After installing Adobe CS5, I intentionally un-installed flash. I'd done the same on the old system and it really helped Safari. I make use of extensions to handle video in Safari and Google Chrome for flash-dependent pages. Learn more about the flash-free approach on Daring Fireball.

I had the idea going into the cleansing, recovering apps would be the most painful part of the process — but it wasn't. I wish I'd cleaned house earlier.

Current State: Awesome

As I write this post I'm enjoying a revived MacBook Pro. With a clean, quick system, I'm using the machine more than before, especially unplugged from the AC adapter and big screen. It's like a new MacBook Pro.

I plan to add notes to this post as I encounter things relevant to the clean start process, and would love any suggestions you may have.


Shirt Pocket Software: SuperDuper
Lion Clean Installs
Burn a Bootable Lion DVD or USB Thumb Drive
Smile Software: TextExpander
Daring Fireball: Going Flash-Free on Mac OS X


Postbox Icon in Cult of Mac's 15 Favorites for 2010


What an honor! This week the icon I designed for Postbox 2 joins Things, Transmit, Reeder and Yojimbo in Cult of Mac's 15 Favorite Mac OS X Icons of 2010!

Here's a photo of all 15 favorite icons with Postbox highlighted:


From the Cult of Mac article written by Killian Bell:

Postbox - I love the Postbox icon for its clean, graceful design that represents the elegant user interface within the application. If you’re unhappy with the built-in Mail application on your Mac, Postbox is a great alternative. Featuring unified account groups that allow you to combine all of your email accounts in to one inbox; a quick reply feature that lets you respond to emails without the need to open a separate window; intuitive conversation views; and much, much more. It’s simple, clean UI is a pleasure to use and it’s well worth its $29.95 price tag.

It was great to see Jon Trainer's icon for Knapsack, designed by my friend Fernando Lins in the mix as well. Congratulations John and Fernando!

Designing Pear Note 2.0

Pear NoteOn August 9th 2010, when Useful Fruit's app, Pear Note 2.0 was released, I realized one of my design dreams — helping an independent developer redesign a Mac application from the ground up. This is the story of the redesign process.

In 2009 I helped Chad Sellers of Useful Fruit Software to rebrand his independent software company.

I had a great time developing his new identity and now Chad needed help redesigning his flagship note-taking app, Pear Note. The timing was perfect, so Chad hired me on to begin the process of redesign.

Pear Note 1.0

The original Pear Note 1 application had tons of promise. What the application needed was an updated user interface to match its solid functionality.


Goals and Plans

Before starting with any design work, I first talked at length with Chad about his overall goals for Pear Note, what areas he liked, which areas he felt needed improvement and new features he wanted to add to the app.

I spent time using and reviewing Pear Note myself, so I could suggest ideas for areas I saw could be improved, refined and updated.

Our goals for 2.0:

• Maintain the solid concepts and structure of Pear Note 1 — recording audio and video while typing and syncing with slide decks was a key feature neither Chad or I wanted to lose in a redesign.

• Updated UI controls & icons — the original version featured a collection of controls Chad was able to put together to make the app work, but there was huge potential for a sleeker design without losing any functionality.

• Addition of new UI controls and features — speed control, a jump back 30 seconds feature and document sharing to the web, so Mac users could share their Pear Note files with anyone with a web browser.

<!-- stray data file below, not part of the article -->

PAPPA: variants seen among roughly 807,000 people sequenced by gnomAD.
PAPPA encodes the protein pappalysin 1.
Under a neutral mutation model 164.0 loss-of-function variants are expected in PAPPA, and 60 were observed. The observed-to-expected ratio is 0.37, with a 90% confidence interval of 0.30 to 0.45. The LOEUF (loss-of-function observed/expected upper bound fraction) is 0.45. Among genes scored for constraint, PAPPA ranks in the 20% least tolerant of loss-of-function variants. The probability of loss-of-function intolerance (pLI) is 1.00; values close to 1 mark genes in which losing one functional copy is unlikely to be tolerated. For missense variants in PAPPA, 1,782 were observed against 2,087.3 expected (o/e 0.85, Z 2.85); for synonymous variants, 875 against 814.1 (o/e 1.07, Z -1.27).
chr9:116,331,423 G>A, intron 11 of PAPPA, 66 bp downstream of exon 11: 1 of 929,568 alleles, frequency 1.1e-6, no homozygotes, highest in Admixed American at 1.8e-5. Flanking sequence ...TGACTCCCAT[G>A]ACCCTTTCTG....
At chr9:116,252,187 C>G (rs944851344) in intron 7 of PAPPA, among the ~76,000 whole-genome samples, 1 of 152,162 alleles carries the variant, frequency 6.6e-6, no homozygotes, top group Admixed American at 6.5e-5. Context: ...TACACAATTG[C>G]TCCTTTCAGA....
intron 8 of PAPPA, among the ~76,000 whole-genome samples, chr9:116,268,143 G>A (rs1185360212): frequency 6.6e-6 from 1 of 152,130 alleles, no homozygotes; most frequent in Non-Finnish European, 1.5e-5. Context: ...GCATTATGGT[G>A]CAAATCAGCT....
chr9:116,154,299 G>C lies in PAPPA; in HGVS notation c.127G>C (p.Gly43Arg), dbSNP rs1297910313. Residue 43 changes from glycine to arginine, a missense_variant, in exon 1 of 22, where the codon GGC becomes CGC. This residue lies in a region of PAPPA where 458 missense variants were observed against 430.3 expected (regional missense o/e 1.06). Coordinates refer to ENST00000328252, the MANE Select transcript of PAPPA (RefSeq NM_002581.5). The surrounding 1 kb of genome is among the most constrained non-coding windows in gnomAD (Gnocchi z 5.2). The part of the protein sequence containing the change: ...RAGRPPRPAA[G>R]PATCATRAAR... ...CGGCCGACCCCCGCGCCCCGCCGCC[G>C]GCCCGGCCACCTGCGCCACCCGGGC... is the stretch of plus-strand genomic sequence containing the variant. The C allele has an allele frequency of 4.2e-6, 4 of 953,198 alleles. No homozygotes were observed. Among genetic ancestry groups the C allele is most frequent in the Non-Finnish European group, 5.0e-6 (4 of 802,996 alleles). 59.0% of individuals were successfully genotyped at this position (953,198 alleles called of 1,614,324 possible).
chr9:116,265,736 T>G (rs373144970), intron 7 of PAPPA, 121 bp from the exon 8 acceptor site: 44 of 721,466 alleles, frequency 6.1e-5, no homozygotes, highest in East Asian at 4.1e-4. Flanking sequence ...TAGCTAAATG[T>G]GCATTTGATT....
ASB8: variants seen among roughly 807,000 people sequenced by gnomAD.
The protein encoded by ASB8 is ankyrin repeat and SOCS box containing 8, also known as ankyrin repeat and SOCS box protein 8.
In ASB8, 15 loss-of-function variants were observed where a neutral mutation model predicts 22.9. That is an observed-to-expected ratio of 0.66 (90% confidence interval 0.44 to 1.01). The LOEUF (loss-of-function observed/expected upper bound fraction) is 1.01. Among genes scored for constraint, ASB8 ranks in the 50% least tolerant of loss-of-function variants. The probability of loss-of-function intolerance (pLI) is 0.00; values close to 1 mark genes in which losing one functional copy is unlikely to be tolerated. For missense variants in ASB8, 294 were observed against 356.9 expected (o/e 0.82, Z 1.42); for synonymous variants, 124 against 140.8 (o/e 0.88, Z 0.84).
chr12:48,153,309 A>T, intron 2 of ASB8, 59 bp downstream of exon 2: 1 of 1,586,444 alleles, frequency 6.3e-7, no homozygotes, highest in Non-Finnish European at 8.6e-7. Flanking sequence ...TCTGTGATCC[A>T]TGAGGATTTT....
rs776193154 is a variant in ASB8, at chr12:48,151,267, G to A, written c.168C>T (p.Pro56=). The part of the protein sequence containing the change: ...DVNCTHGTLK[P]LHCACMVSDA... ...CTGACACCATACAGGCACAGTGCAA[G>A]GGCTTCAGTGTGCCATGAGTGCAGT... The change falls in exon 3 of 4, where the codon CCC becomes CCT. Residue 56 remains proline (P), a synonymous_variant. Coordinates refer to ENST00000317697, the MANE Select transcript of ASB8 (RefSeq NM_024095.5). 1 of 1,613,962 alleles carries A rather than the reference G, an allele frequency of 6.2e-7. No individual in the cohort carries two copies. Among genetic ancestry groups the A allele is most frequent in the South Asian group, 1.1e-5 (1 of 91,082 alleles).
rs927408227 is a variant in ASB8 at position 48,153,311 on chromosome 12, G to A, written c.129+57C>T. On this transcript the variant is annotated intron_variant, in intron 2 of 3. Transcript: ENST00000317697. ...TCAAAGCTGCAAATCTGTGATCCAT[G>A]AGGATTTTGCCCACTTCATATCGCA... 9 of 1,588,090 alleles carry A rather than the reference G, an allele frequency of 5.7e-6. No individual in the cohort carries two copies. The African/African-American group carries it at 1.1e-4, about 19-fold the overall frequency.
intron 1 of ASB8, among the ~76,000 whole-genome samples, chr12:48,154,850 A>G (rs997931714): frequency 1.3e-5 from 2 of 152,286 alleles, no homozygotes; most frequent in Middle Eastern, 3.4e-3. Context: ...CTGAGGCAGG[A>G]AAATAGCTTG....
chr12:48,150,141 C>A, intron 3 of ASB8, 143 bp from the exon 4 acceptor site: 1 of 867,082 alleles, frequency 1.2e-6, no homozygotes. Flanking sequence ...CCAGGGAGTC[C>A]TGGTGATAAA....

• Improvement of the search feature — in version 1 search was an icon that activated a heads-up style dark gray menu. We both wanted to add a search field in the main window with lightning fast and readable results.

• Better structure and status areas — I wanted to add an iTunes-styled info/control bar for playback, unified audio and video controls and an info status bar at the bottom of the main window with helpful, contextual information.

UI Pencil Sketch Concepts

As with all of my design projects, I like to start in pencil on paper. Using this approach helps me loosen up and explore ideas without fearing software limitations or crashes — sketching frees me to flow.

I began by sketching out a rough idea of the main window of Pear Note in pencil, with updated controls, an iTunes style playback info/control bar, unification of the right column and the info bar along the bottom of the window:

Pear Note 2.0 Sketch Wireframe v1

The original time control bar and handle control looked too much like a standard volume slider, so I put emphasis on this area first.


Pear Note creates blended notes that synchronize text, audio, video and slides, so I wanted a control that could allow a user to see where they were in the note file, then slide back and forth to easily location a certain section of notes.


Because the playback was very similar to music or podcast playback, I was inspired by Ui concepts being used in iTunes to present status and a grab-able control bar.


I really liked that the iTunes status bar made it clear what part of a track had been played and what was left — another useful feature for a synced notes document.


Another simplification I wanted to deal with was the mixed controls in the right side of the app. In Pear Note version 1, there was a section for Recording Options, separated from Audio and Video.


I felt recording applied to both of these functions and proposed the idea of making the controls identical by offering recording controls in both Audio and Video areas, completely eliminating the separate Recording section in the application.


Helpful Features

Finally, having used various Mac applications with status bars at the base of their windows (Safari, Postbox, Mars Edit, etc.) I wanted to suggest the idea of a helpful, contextual notes status bar at the bottom of the Pear Note main window.